Compared to the larger dietary supplements industry, the hemp CBD world seems to operate in dog years. That is, it is moving, shaking and innovating in a compressed time scale of seven years’ time in just one year of real time.
Consider: Two years ago, topicals were not even considered as a product format. Today, creams, balms and salves make up roughly 17% of the market, according to Nutrition Business Journal's Hemp & CBD Guide.
Not to mention that this red-hot ingredient is now being sold in a greater diversity of sales channels than any other natural product ingredient—or any ingredient, period—in the history of commerce. Even Abercrombie & Fitch and your local ice cream shop are getting in on it.
But despite the latter-day gold rush, brought on by the passage last December of the 2018 Farm Bill, there remains some regulatory uncertainties in the market. That’s the reason these non-traditional outlets, and even mainstream food, drug and mass stores, are dipping their toes in the CBD pool only insofar as offering topicals.
That’s because while the farm bill removed the DEA from the regulatory equation, the FDA remains—although its position is somewhat nebulous.
“The 2018 Farm Bill was a significant influence on companies getting involved in this industry,” said Justin Prochnow, shareholder at the GreenbergTraurig law firm, at the Dietary Supplements Forum, held in Boulder, Colorado, Sept. 26-27. “Up to that point there was a threat that the DEA would treat your hemp as a Schedule 1 drug. The farm bill took the DEA out of the equation if you abided by the farm bill, which is that THC content is 0.3% or less by dry weight. So that was a huge deal.”
And the Federal Trade Commission (FTC) is also involved. Its role is to ensure advertising messages are “truthful and not misleading.”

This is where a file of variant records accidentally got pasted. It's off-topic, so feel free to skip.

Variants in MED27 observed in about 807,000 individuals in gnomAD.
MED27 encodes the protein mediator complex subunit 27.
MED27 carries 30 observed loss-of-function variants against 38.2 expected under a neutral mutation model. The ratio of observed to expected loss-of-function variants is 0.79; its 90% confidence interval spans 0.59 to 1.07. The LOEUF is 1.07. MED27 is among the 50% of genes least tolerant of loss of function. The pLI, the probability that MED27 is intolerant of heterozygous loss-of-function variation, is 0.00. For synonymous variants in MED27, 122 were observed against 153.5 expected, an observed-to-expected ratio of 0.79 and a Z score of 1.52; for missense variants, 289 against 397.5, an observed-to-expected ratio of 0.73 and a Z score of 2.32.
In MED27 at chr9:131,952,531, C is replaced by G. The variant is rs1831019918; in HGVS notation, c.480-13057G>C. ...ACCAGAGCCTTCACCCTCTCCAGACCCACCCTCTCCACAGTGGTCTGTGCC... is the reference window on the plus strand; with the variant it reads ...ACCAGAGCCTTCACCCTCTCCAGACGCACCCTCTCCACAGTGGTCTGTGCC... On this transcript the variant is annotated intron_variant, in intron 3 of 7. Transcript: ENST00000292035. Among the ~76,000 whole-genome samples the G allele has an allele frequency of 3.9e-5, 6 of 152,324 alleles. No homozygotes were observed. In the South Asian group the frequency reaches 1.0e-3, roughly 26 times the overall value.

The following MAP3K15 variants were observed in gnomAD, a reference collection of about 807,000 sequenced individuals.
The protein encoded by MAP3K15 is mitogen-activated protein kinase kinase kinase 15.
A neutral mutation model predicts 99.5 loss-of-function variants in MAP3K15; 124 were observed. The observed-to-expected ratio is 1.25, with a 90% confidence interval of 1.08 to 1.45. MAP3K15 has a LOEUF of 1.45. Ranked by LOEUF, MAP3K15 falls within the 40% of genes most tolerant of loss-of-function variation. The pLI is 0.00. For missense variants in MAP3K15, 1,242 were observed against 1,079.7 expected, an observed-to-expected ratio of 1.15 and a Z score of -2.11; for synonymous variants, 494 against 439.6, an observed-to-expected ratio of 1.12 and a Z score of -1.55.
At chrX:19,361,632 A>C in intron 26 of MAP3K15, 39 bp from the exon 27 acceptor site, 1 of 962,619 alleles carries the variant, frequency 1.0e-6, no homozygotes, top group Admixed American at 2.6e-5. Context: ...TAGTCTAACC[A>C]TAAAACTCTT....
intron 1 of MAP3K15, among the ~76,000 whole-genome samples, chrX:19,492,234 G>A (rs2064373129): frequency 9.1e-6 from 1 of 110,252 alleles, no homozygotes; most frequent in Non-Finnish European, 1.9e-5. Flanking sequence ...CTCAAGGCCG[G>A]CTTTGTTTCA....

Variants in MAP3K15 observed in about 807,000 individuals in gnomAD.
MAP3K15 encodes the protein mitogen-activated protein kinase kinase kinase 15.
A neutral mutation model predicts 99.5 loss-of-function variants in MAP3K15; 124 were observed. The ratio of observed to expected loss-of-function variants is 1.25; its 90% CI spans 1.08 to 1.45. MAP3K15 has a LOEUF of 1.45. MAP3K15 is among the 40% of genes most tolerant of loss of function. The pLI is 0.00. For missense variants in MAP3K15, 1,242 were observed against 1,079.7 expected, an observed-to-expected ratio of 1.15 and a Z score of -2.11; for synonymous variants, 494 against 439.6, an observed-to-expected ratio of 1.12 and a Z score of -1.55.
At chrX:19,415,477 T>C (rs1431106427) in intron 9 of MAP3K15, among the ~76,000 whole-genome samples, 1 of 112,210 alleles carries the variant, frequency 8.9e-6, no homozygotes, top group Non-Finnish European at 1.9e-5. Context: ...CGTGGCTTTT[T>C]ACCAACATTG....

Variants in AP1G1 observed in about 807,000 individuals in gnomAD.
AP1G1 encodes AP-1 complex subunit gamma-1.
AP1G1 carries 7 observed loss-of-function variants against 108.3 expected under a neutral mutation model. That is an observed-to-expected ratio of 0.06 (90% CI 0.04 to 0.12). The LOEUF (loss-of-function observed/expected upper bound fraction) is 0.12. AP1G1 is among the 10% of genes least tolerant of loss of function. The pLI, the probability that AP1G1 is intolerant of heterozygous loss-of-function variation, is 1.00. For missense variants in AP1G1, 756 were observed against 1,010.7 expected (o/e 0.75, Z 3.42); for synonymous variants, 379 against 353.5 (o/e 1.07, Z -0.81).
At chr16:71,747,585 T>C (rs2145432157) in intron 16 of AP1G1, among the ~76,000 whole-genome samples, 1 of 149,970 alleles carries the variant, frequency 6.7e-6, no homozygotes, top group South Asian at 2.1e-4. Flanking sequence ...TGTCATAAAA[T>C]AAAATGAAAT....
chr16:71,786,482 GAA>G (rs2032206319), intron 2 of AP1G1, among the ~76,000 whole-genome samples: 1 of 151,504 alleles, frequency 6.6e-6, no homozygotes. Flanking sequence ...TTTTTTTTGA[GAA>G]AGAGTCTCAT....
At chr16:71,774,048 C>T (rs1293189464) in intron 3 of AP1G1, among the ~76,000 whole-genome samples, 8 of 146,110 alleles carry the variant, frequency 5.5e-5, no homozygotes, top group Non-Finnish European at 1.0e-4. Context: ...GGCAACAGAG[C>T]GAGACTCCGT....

What you need to do
And that leads to one of the two top issues of which every brand in the hemp CBD business needs to be mindful.
The first issue is making sure your hemp product is below the threshold of 0.3% THC, which is the euphoria-inducing cannabinoid in the plant.
The second issue is making sure your claims are legal for dietary supplements and not drugs.
If you follow these two bedrock principles, “you’re a long way there,” said Prochnow.
“What can you really say about CBD and hemp?” asks Prochnow. “These range from the soft claim of ‘cures cancer’ [tongue in cheek] to lowers blood sugar to anxiety to depression. As we know, CBD is the cure-all for everything!”
“Number one, don’t make egregious disease-treatment claims,” he said. “You cannot sell a non-drug product to diagnose, treat, cure or prevent a disease.”
Prochnow noted that the FDA has yet to send a warning letter simply for using CBD. The FDA has sent warning letters on three separate occasions to dozens of companies. All warning letters share one element: companies making disease-treatment claims.
“It does give an indication that the FDA is not chomping at the bit of just going after CBD,” said Prochnow, “but always in conjunction with something else.”
In the category of nuance, Prochnow lawyerly noted that there is some wiggle room when making some specific claims.
“If you say your CBD product ‘Helps with post-exercise inflammation,’ the FDA considers inflammation a disease, but if you tie it to post-exercise you might get away with it,” he said. “But you need scientific substantiation for it. You can’t say, ‘Everyone knows that.’ The FTC does not consider ‘everyone knows’ as meaning that everyone knows.”
The distinct roles of the two federal agencies can be summed up that the FDA looks at claims and determines whether they are legal, while the FTC determines whether the claims are truthful and a company has science to back it up.
“You don’t have research on cancer,” said Prochnow. “If you did you’d be selling it as a drug and making a billion dollars. Selling CBD to cure cancer is an easy speed trap for the FDA. You can say it has hemp in it, say how many milligrams CBD is in it, and leave it there. There’s this great thing called the internet that tells people what you can do with it, you don’t have to. You really don’t have the science you’d like if FTC challenged you.”